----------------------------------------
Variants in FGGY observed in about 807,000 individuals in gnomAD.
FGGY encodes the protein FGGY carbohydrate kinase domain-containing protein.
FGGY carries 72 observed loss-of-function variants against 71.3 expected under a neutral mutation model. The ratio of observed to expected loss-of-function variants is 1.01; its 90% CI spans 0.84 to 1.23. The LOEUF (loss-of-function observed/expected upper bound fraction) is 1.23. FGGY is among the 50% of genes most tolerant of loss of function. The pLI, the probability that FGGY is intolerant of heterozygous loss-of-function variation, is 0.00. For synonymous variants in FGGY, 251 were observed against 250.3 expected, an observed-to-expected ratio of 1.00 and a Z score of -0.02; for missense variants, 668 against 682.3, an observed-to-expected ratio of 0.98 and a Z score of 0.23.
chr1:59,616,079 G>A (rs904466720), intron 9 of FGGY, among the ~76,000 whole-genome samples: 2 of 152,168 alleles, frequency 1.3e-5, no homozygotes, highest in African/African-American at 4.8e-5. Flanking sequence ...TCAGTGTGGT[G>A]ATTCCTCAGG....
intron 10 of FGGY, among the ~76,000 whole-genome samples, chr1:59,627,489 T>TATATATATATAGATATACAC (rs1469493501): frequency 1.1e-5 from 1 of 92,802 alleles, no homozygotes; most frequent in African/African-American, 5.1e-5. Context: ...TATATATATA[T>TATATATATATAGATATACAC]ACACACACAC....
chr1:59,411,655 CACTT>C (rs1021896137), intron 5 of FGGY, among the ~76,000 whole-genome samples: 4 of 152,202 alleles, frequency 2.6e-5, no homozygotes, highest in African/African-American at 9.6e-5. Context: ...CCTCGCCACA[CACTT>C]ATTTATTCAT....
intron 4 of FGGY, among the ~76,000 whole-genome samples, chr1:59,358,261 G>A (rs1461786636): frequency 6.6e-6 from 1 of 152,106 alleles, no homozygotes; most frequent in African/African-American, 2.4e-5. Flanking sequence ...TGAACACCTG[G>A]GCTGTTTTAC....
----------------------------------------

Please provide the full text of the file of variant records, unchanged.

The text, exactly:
Variants in FGGY observed in about 807,000 individuals in gnomAD.
FGGY encodes the protein FGGY carbohydrate kinase domain-containing protein.
FGGY carries 72 observed loss-of-function variants against 71.3 expected under a neutral mutation model. The ratio of observed to expected loss-of-function variants is 1.01; its 90% CI spans 0.84 to 1.23. The LOEUF (loss-of-function observed/expected upper bound fraction) is 1.23. FGGY is among the 50% of genes most tolerant of loss of function. The pLI, the probability that FGGY is intolerant of heterozygous loss-of-function variation, is 0.00. For synonymous variants in FGGY, 251 were observed against 250.3 expected, an observed-to-expected ratio of 1.00 and a Z score of -0.02; for missense variants, 668 against 682.3, an observed-to-expected ratio of 0.98 and a Z score of 0.23.
chr1:59,616,079 G>A (rs904466720), intron 9 of FGGY, among the ~76,000 whole-genome samples: 2 of 152,168 alleles, frequency 1.3e-5, no homozygotes, highest in African/African-American at 4.8e-5. Flanking sequence ...TCAGTGTGGT[G>A]ATTCCTCAGG....
intron 10 of FGGY, among the ~76,000 whole-genome samples, chr1:59,627,489 T>TATATATATATAGATATACAC (rs1469493501): frequency 1.1e-5 from 1 of 92,802 alleles, no homozygotes; most frequent in African/African-American, 5.1e-5. Context: ...TATATATATA[T>TATATATATATAGATATACAC]ACACACACAC....
chr1:59,411,655 CACTT>C (rs1021896137), intron 5 of FGGY, among the ~76,000 whole-genome samples: 4 of 152,202 alleles, frequency 2.6e-5, no homozygotes, highest in African/African-American at 9.6e-5. Context: ...CCTCGCCACA[CACTT>C]ATTTATTCAT....
intron 4 of FGGY, among the ~76,000 whole-genome samples, chr1:59,358,261 G>A (rs1461786636): frequency 6.6e-6 from 1 of 152,106 alleles, no homozygotes; most frequent in African/African-American, 2.4e-5. Flanking sequence ...TGAACACCTG[G>A]GCTGTTTTAC....